On October 2, 1869, Mahatma Gandhi, popularly known as Father of Nation, was born at Porbandar, a small town in Kathiawar, Gujarat, India.
Mahatma Gandhi played a stellar role in India’s freedom struggle and is widely recognized as one of the twentieth century’s greatest political and spiritual leaders.
Paying tribute to Mahatma Gandhi on his death, famous scientist Albert Einstein said,
“Generations to come will scarce believe that such a man as this walked the earth in flesh and blood”.
Honored in India as the father of the nation, he pioneered and practiced the principle of Satyagraha—resistance to tyranny through mass nonviolent civil disobedience.
While leading nationwide campaigns to ease poverty, expand women’s rights, build religious and ethnic harmony and eliminate the injustices of the caste system, Gandhi supremely applied the principles of nonviolent civil disobedience to free India from foreign domination.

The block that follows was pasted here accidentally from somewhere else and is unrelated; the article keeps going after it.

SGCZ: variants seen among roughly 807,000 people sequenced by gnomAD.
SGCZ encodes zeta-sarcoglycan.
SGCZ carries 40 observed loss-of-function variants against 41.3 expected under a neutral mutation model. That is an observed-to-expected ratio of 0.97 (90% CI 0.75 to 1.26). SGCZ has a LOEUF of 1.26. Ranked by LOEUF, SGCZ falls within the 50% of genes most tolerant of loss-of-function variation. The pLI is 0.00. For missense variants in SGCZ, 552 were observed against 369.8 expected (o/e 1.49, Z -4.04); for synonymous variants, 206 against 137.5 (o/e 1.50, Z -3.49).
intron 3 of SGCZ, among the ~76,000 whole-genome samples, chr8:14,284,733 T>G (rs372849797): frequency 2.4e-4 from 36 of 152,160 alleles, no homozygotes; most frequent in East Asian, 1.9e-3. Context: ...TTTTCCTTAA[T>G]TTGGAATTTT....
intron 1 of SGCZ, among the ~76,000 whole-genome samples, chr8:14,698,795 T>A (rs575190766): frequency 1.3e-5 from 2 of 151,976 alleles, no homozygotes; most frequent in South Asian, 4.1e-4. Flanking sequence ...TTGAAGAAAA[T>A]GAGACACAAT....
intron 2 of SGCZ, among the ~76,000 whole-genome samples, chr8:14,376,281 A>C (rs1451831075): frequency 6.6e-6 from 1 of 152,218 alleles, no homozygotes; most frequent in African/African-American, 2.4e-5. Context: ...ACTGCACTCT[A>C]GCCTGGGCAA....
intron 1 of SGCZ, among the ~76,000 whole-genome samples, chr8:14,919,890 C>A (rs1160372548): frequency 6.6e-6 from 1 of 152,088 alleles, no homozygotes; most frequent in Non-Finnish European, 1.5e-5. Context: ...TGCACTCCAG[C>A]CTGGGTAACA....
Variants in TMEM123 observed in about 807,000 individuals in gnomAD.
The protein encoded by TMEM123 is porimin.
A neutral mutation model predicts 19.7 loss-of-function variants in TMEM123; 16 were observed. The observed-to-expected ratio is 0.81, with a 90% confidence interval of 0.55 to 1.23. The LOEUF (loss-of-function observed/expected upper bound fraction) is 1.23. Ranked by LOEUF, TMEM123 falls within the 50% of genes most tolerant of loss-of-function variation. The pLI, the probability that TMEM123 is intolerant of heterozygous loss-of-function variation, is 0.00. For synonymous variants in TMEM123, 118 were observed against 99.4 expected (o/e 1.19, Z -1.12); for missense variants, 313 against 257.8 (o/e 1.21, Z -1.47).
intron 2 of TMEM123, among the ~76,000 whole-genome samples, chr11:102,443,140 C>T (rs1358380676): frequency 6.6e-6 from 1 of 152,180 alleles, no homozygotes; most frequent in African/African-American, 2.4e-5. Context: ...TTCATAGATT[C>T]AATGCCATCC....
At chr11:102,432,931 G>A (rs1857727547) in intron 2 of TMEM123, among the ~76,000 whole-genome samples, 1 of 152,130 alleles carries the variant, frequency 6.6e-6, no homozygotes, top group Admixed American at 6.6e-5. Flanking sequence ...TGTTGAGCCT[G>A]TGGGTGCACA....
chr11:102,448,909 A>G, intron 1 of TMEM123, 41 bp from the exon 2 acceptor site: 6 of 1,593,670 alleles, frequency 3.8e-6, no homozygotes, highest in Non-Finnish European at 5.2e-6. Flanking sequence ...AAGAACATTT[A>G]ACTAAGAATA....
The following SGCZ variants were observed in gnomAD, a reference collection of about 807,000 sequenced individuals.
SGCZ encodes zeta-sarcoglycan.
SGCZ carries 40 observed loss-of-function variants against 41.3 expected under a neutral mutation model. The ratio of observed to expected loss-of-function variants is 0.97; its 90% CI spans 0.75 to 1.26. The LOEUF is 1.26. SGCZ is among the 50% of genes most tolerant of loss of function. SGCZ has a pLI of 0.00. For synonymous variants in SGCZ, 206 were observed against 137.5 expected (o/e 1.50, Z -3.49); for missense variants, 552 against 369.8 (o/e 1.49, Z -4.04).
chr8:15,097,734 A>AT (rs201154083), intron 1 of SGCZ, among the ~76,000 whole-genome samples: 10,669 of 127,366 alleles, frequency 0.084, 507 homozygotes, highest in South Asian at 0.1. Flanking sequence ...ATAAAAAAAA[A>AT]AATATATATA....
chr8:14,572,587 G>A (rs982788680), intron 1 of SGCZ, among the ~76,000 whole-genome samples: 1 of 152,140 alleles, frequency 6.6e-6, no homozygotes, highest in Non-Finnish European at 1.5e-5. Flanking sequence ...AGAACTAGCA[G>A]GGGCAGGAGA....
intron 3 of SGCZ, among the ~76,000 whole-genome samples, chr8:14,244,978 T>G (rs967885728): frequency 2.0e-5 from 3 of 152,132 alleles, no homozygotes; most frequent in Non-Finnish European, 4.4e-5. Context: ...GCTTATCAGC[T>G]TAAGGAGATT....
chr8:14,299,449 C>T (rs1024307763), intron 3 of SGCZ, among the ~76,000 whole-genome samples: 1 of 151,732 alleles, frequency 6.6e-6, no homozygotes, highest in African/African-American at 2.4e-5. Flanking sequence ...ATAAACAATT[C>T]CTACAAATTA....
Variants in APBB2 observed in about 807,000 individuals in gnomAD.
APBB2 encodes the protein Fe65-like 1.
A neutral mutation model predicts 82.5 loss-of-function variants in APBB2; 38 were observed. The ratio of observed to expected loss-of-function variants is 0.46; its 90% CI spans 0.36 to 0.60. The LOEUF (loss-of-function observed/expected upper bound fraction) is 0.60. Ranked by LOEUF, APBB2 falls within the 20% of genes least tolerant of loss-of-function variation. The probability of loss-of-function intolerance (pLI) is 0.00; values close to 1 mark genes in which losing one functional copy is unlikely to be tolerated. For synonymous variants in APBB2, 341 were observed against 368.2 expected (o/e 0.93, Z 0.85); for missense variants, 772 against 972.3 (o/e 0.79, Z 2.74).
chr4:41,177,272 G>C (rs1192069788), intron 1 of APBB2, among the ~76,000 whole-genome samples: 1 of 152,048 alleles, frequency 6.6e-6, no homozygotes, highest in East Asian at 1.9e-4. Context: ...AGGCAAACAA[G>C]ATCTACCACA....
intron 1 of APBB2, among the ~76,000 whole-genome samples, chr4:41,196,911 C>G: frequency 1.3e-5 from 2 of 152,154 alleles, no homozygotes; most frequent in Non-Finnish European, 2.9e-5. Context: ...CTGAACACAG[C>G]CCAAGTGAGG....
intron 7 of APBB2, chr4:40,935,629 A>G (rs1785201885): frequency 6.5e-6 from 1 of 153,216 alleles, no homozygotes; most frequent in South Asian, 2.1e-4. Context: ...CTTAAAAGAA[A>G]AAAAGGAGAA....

He was often imprisoned for his actions, sometimes for years, but he accomplished his aim in 1947 when India gained its independence from Britain.
On 30th January 1948, whilst Gandhi was on his way to a prayer meeting at Birla House in Delhi, Nathuram Godse managed to get close enough to him in the crowd to be able to shoot him three times in the chest, at point-blank range.
Gandhi’s dying words were claimed to be “Hé Rām”, which translates as “Oh God”, although some witnesses claim he spoke no words at all.
When news of Gandhi’s death reached the various strongholds of Hindu radicalism, in Pune and other areas throughout India, there was reputedly celebration in the streets. Sweets were distributed publicly, as at a festival. The rest of the world was horrified by the death of a man nominated five times for the Nobel Peace Prize.
Due to his stature, he is referred to as Mahatma, meaning “great soul.”
World civil rights leaders—from Martin Luther King, Jr., to Nelson Mandela—have credited Gandhi as a source of inspiration in their struggles to achieve equal rights for their people.